Olivia Williams as Emily Burton Silk and Nicholas Pinnock as Ian Shaw in COUNTERPART | © 2018 Showtime

Olivia Williams as Emily Burton Silk and Nicholas Pinnock as Ian Shaw in COUNTERPART | © 2018 Showtime

The premise of Starz’s Sunday-night speculative-fiction drama COUNTERPART is that, 30 years ago, reality split and created a second universe that was at the time identical to our own. Only a privileged few know about this. They are headquartered in a complex that sits above the underground tunnel in Berlin that joins the two dimensions, which have since taken different paths.

Olivia Williams plays two different versions of Emily Silk. This world’s Emily is in a coma after an accident. Her devoted husband, Howard Silk (J.K. Simmons), comes to see her every night at the hospital. Howard, a low-level functionary, is astonished to find out a) there are two worlds, b) he works for the organization that communicates between the worlds and c) his “Other,” Howard Silk (also played by Simmons) from the Other Side, is a steely espionage agent who insists that this world’s Howard be brought up to speed. The other world’s Emily works for the Other Side’s version of the organization; she and her world’s Howard used to be married but aren’t now.

Williams, a native of London, England, played botanist Liza Winter in WGN’s series MANHATTAN, about the nuclear Manhattan Project, and costarred in both seasons of Joss Whedon’s DOLLHOUSE as the enigmatic house proprietor Adelle DeWitt. Williams is also a prolific stage and movie actress, with bigscreen credits that include THE POSTMAN, RUSHMORE, THE SIXTH SENSE, AN EDUCATION and VICTORIA & ABDUL.

Williams is so spoiler-phobic that, even though COUNTERPART is now in the middle of its first season and its pre-premiere trailers all revealed the pivotal plot point, she’d rather viewers went in knowing nothing. “I’d like them not to know the twists. I’d like them to watch it without reading the spoilers, please, about the parallel universe. When I read the script, it was a punch in the solar plexus. And I want the audience to have a chance to see that.”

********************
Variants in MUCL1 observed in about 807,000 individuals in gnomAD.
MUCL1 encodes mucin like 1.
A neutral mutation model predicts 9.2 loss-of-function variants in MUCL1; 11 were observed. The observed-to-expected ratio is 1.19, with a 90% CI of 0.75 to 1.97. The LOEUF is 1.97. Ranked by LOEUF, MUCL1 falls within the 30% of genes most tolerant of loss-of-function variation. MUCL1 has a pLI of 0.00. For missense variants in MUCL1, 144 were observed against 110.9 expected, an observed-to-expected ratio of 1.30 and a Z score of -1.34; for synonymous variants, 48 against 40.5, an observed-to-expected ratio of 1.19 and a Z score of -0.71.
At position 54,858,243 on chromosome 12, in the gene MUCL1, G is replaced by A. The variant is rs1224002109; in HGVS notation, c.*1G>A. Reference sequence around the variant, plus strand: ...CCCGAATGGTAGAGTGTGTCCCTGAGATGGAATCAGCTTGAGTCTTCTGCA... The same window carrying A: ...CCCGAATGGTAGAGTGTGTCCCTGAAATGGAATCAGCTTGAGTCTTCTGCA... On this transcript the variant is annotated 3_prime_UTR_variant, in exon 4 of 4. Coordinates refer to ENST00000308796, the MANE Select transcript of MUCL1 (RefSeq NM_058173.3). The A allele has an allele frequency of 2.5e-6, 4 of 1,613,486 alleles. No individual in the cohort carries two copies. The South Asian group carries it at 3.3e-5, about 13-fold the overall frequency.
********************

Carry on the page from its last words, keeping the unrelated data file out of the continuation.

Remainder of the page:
Williams is therefore judicious in what she’ll reveal about COUNTERPART, but the conversation is still informative.

ASSIGNMENT X: Since you spend much of the first episode playing comatose Emily, I was wondering how this was pitched to you – “The good news is, you get to work with J.K. Simmons …”

OLIVIA WILLIAMS: And also, you get to be directed by Morten Tyldum. He directed me on how to lie very still, which I can already do, and how to sit in a chair, which I’m quite good at as well, I like to think. But how did they pitch it to me? Well, they made a promise, which is a promise that’s been made to me many times before, “There’s loads of amazing stuff coming up for you in the rest of the series.” And I said, “What, do you think I just left drama school and it’s my first f***ing rodeo? I don’t take jobs on the promise of something I haven’t seen on the page.” And they kept on saying what was going to happen, and I was like, “Where’s the guarantee?” And in the end, they were just so interesting, the concept was so interesting, the quality of the writing was good enough, and I thought, “Even if I don’t wake up, this is not something to be ashamed of being part of.” So I took it. It was a big punt [risk].

AX: Is Other Side Emily an even bigger secret agent than Other Side Howard?

WILLIAMS: I don’t know. I don’t know how you qualify “secretness.” [laughs] But they are slightly different types of operative. Her job is not to cross over, but she works for the Office of Interchange, but on the domestic side, so she doesn’t cross over.

AX: The producers and creator Jason Marks have been referring to this world’s Howard as “Howard Alpha” and the Other Side’s Howard as “Howard Prime.” Does that apply to the two Emilys as well, Alpha and Prime?

WILLIAMS: They’re not my character. The terminology we used in the call sheets and rehearsal was very, very confusing [laughs]. I’m “Prime” and “Silk,” which is weird, but we didn’t use “Emily Alpha.” I don’t know why that was. It’s just how it organically developed, evolved. But yes. Emily Prime is the tough bitch who is divorced from Scary Howard. And the comatose one was happily married to Fluffy Howard. There’s Scary Howard and there’s Fluffy Howard.